Ken thanks his backers
KEN Lay believes his Australia Day honour belongs to his family and the 17,000 members of Victoria Police.
The Inverloch resident was formerly chief commissioner of Victoria Police and was named an Officer in the General Division of the Order of Australia in last Thursday’s Australia Day honours for his service to the police force, and to social and community leadership.
During his term at the helm of the state’s police force, Mr Lay brought more attention to the issue of domestic violence and encouraged greater diversity among police recruits.
He went on to head a national domestic violence taskforce, and is now chair of Ambulance Victoria and a board member of Essendon Football Club.
“I feel proud and honoured to receive this because it causes you to think about how you got where you got to,” Mr Lay said.
“When I left South Gippsland I did not think I would have an AO.”
Mr Lay said individuals need good people around them to achieve and so cited, in particular, the support of his wife Chris and children Scott and Amy.
At Victoria Police, Mr Lay instigated a program never before seen in Australia and possibly the world, to improve the attitudes of police towards people of all genders, sexual orientation, ethnicities and ages by increasing the force’s own diversity, particularly by increasing the number of women recruited.
“If you think of how diverse our community is, the best police service will reflect that community,” he said.
“We brought young African people into the organisation at an unsworn level and that gave them the confidence to apply to become police.”
He made changes to improve road policing by involving detectives in investigating fatal accidents and increasing the number of marked police vehicles on roads.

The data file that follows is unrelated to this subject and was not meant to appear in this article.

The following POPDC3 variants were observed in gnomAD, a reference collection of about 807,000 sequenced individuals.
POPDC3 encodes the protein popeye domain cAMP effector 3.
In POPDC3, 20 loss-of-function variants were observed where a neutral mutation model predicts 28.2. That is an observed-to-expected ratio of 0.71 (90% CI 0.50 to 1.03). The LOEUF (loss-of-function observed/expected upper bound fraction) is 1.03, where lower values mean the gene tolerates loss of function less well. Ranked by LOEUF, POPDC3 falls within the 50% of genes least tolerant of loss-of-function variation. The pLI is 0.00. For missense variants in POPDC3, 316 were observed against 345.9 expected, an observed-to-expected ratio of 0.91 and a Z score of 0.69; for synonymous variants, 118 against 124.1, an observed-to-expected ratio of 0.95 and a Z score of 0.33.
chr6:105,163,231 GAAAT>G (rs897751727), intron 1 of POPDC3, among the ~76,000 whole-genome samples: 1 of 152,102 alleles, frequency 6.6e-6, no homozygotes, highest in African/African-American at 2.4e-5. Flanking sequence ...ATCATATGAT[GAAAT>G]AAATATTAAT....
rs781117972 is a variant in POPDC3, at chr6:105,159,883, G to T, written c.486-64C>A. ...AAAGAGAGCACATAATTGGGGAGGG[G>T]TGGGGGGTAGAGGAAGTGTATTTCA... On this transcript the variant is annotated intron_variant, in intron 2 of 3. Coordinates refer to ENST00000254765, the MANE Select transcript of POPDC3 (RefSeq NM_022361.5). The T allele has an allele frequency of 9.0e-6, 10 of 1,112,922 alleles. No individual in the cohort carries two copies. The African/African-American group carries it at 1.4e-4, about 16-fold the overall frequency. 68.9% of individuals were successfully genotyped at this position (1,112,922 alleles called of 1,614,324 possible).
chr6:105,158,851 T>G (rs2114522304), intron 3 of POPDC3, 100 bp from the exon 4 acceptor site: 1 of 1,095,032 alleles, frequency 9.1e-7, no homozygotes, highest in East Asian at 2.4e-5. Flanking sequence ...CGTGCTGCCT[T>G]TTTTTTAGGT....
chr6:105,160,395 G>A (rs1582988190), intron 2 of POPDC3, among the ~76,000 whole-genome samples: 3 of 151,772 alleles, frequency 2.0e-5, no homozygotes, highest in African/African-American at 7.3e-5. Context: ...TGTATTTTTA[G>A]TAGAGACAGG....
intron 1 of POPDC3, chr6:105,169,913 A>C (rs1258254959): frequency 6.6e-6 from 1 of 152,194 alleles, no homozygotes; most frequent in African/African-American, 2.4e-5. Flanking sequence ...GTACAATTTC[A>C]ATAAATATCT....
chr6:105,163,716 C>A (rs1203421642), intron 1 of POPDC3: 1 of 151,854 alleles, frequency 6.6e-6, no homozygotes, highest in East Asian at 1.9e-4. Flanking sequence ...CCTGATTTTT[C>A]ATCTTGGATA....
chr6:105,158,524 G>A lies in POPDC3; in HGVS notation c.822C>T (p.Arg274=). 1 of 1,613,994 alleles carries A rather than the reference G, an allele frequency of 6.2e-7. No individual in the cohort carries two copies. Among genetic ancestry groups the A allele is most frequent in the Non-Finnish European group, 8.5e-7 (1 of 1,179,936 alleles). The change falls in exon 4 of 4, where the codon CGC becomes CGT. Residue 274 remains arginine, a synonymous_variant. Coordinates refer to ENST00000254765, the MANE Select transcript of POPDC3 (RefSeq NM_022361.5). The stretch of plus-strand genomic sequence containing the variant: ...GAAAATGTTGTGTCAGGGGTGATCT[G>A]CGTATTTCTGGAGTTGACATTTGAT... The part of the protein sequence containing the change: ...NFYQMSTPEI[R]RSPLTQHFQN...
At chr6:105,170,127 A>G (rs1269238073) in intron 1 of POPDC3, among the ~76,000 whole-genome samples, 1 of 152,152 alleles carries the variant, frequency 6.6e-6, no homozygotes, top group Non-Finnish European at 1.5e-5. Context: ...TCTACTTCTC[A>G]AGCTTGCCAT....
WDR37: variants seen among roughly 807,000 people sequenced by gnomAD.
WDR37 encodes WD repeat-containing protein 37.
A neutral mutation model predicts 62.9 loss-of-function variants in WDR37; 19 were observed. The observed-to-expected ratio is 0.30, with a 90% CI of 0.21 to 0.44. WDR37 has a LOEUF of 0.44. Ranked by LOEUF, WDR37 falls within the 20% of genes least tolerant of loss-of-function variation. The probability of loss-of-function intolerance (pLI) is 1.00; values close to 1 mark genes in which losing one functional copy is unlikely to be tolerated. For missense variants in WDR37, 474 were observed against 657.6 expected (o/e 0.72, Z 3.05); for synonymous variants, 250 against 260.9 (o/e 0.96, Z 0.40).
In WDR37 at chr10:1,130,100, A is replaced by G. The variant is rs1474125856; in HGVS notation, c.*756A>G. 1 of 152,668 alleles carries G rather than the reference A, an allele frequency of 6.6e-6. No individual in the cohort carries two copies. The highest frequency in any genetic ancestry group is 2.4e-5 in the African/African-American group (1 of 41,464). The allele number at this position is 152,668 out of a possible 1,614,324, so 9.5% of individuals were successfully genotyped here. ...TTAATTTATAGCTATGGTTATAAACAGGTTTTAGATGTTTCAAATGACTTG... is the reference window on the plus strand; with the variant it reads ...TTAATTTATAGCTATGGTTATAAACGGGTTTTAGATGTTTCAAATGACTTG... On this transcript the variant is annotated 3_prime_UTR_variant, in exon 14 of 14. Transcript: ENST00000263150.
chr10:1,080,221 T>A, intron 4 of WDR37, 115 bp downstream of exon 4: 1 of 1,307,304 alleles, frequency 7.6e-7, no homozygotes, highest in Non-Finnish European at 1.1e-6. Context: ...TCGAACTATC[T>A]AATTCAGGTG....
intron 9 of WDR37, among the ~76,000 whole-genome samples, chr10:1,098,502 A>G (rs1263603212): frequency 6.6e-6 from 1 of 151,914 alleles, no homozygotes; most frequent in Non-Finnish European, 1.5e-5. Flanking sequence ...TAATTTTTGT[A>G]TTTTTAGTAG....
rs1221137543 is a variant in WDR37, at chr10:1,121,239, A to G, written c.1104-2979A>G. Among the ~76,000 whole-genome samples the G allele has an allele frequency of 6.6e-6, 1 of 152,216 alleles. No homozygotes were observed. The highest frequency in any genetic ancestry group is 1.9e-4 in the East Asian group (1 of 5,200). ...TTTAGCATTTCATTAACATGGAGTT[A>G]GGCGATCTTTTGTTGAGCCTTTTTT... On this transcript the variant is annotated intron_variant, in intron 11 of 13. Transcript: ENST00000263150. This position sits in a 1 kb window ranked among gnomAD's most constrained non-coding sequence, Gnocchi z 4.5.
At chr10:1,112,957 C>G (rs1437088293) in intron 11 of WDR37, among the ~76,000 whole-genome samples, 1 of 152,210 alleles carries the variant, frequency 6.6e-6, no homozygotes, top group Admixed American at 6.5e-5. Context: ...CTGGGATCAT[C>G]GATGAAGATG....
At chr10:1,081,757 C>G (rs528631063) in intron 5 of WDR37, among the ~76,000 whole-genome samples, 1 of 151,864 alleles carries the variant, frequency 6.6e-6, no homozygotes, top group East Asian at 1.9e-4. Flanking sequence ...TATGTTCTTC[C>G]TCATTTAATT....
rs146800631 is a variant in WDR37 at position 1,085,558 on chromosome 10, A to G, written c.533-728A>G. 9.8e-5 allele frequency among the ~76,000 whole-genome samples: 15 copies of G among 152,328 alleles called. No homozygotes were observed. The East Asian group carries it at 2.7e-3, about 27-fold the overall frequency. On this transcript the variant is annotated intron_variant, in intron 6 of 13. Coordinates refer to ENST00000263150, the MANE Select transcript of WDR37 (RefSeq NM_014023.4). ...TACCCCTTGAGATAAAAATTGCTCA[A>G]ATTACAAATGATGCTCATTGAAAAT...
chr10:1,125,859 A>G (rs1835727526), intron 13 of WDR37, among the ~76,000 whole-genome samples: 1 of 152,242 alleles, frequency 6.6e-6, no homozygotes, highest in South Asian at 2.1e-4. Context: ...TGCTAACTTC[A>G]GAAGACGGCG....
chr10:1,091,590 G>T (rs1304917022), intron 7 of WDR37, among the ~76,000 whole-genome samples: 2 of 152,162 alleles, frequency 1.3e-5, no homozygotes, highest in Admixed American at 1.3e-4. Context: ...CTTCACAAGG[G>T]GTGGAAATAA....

Family violence, in Mr Lay’s view, is driven by men having a sense of entitlement, thinking they are better than, or owed more than women.
“When you have a better balance of women and men (in the police force), the men have a better sense that women are equal,” he said.
His involvement with domestic violence as a young police officer influenced him and that interest increased when young Luke Batty was murdered by his own father at Tyabb.
Mr Lay came to know Luke’s mother Rosie well and he went on to promote domestic violence awareness at every opportunity, in the media and speaking at public events.
He helped establish the Family Violence Command within Victoria Police, the Victorian Equal Opportunity and Human Rights Commission, and the Review into Sexual Harassment and Bullying in Victoria Police.
Mrs Batty went on to become Australian of the Year in 2015 and Mr Lay later chaired the Council of Australian Government Advisory Panel on Reducing Violence Against Women and their Children in 2015. That council lodged recommendations for change now being considered by the Federal Government.
At Ambulance Victoria, Mr Lay has welcomed an extra $500 million injected into the organisation by the State Government, including for the recruitment of additional paramedics and improving technology.
After a tumultuous period at Essendon, Mr Lay is looking forward to a brighter year on and off the field this year, with the players banned as a result of the supplements scandal returning to the fold.
At Inverloch, Mr Lay enjoys cycling with the Coastal Crewzers group.
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